Expected behaviour in case of in flight pitot ice or water ingestion?

Can someone enlighten me as to what to expect if my air speed sensor readings were to be affected by ice or water in flight?

Also are there any rc scale ways to cope, like pitot heating? Anything that works well?


This is a definite problem, and I don’t think there is an ‘off the shelf’ solution. The size of the pitot makes it susceptible to blockage, as you’ve identified. If the airspeed sensor is enabled and used, I actually don’t think the ekf will reject bad data from it, so if you are flying in freezing or precipitous conditions I’d recommend turning it off.

So what would be the result in-flight if the air-speed sensor suddenly starts reporting a much lower or zero speed? The AP trying to speed up? Or relying more heavily on GPS speed?

Ekf_eas_gate is the relevant param. It will reject sudden changes outside the limit set by this param, but gradual changes will be accepted I think, because the gps provides a different velocity so the two aren’t directly compared (except to calculate wind). @tridge?

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Here’s a fun and maybe-relevant story: I once had an airspeed sensor get clogged with mud on a “unscheduled landing” and didn’t catch it before the next takeoff.

The plane exhibited a VERY odd behavior… it couldn’t turn left! (or rather, left turns were incredibly gentle bank angles) But it turned right “reasonably” well. I could definitely tell something was wrong, but the not-turning-left was severe enough to abort the mission and come land to troubleshoot.

Moral of the story: A malfunctioning airspeed sensor can cause unexpected and strange behavior.

I always supposed there was a little bit of magic going on in the EKF…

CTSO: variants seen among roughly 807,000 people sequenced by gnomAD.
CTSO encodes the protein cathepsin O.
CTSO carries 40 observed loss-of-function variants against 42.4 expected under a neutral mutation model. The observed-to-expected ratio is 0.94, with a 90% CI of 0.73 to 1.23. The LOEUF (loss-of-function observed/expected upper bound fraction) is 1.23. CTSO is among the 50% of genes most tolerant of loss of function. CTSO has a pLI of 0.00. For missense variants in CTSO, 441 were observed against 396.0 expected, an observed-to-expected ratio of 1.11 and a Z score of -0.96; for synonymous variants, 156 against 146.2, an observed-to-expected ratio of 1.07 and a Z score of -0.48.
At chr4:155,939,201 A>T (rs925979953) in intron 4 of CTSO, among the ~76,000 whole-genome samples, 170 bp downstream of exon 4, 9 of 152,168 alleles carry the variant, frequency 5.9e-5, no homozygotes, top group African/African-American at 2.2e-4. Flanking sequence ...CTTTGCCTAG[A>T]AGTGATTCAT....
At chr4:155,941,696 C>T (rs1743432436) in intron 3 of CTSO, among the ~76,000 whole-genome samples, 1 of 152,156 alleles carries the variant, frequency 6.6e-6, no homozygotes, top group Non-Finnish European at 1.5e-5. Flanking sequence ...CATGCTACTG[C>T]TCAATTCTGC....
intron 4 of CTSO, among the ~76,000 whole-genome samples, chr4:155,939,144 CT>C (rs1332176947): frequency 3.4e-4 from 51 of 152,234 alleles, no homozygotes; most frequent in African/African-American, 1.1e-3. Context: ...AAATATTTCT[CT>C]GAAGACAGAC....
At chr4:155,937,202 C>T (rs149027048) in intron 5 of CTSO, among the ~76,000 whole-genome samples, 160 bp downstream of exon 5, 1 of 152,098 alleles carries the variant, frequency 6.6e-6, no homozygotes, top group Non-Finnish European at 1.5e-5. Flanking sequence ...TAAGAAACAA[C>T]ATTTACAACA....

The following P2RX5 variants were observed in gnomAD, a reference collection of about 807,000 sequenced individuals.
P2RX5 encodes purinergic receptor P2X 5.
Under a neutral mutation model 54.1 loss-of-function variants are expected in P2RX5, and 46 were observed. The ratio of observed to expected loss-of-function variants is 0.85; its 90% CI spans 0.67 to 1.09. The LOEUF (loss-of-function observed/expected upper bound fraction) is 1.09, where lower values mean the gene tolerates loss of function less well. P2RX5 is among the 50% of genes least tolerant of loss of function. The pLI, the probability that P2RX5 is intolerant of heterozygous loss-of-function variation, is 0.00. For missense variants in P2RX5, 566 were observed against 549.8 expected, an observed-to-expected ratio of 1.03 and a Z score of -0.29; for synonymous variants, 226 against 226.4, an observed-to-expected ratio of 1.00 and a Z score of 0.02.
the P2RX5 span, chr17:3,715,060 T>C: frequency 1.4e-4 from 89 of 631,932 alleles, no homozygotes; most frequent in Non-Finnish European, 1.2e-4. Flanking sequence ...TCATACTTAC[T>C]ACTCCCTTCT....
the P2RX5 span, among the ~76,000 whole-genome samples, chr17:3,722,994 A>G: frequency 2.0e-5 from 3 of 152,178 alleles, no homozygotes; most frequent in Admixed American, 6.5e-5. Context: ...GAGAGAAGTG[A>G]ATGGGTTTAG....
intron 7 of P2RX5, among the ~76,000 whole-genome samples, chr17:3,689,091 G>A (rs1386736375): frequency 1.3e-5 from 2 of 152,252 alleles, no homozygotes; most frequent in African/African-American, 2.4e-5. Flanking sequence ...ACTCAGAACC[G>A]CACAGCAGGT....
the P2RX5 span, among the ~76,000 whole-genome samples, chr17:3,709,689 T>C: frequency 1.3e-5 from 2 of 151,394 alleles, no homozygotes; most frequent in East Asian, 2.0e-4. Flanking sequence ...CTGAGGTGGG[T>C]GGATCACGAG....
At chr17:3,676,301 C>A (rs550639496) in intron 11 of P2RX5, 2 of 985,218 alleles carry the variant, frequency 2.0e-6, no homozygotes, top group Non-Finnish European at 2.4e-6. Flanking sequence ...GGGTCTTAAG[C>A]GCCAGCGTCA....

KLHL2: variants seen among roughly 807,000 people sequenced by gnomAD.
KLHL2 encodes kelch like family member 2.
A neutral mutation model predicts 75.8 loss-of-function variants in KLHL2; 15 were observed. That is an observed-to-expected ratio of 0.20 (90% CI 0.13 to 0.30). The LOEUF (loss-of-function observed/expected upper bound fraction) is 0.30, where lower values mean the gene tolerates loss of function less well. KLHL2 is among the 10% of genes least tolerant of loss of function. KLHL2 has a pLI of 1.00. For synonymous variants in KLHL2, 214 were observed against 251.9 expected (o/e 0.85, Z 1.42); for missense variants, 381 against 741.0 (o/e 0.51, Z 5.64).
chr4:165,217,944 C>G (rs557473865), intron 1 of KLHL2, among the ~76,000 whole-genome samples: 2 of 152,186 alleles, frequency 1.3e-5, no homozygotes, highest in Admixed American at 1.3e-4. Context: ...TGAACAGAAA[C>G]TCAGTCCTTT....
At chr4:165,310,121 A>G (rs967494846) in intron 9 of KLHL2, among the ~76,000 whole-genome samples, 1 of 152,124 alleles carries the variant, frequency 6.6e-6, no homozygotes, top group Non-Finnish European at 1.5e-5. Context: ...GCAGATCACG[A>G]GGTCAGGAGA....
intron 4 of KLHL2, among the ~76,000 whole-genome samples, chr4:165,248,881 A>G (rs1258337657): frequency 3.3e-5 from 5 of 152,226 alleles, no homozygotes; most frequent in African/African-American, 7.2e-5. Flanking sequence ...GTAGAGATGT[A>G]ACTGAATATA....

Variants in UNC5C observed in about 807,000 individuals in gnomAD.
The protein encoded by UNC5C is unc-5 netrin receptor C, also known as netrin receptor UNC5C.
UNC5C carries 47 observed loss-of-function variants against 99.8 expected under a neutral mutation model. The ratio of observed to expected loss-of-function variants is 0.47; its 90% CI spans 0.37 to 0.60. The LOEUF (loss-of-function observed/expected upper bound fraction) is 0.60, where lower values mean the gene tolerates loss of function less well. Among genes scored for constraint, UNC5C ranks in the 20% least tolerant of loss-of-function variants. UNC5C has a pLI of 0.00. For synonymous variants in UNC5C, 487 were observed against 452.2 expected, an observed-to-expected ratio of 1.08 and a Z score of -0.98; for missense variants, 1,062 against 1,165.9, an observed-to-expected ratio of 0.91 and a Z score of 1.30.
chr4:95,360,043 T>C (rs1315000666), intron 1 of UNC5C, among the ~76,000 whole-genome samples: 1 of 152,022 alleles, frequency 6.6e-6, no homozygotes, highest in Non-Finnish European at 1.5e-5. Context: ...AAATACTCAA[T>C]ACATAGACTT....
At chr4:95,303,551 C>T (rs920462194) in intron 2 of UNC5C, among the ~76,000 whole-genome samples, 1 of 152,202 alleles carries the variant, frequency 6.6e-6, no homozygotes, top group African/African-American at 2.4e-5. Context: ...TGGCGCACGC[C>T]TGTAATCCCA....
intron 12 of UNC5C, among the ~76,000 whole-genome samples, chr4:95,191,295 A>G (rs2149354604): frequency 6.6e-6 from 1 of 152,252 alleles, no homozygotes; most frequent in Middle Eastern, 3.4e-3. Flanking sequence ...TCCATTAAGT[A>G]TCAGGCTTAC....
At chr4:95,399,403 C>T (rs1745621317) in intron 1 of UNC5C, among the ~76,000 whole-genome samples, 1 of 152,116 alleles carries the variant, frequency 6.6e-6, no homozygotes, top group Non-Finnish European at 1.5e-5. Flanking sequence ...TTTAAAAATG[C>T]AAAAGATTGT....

Indeed, the EKF is a mathe-magical thing! But the wierdness that I experienced probably wasn’t caused by it.

I’ve never bothered to dig deeper… but I think one major issue is that the plane scales its control-surface movements with respect to airspeed. Normally this makes sense… as higher airspeed makes a given aileron deflection much more impactful… but in the case of an incorrectly-high airspeed, it kills the control-surface effectiveness.

I still have no idea why it seemed to be asymmetric for me, that day. But the plane was a flying-wing with elevons, no rudder, and small asymmetries in the sensor mounting. So I am not surprised when odd flight behavior happens on this UAS.

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based on my experience, water droplets do not affect the IAS , at least not for planes that never go below 13m/s.
What happens when it freezes, is hard to preedict, it can capture higher pressure if freezing while flying into headwind, or prevent sensing proper speed if it’s just clogged by ice. with results accordingly depending on situation.
it’s fairly easy to use nichrome wire and make a heated pitot.

What about using AHRS_WIND_MAX parameter?
It seems to solve airspeed issues but forgot once to remove pitot cover and results in a crash with full throttle and plane losing altitude after takeoff. May be I set it to high …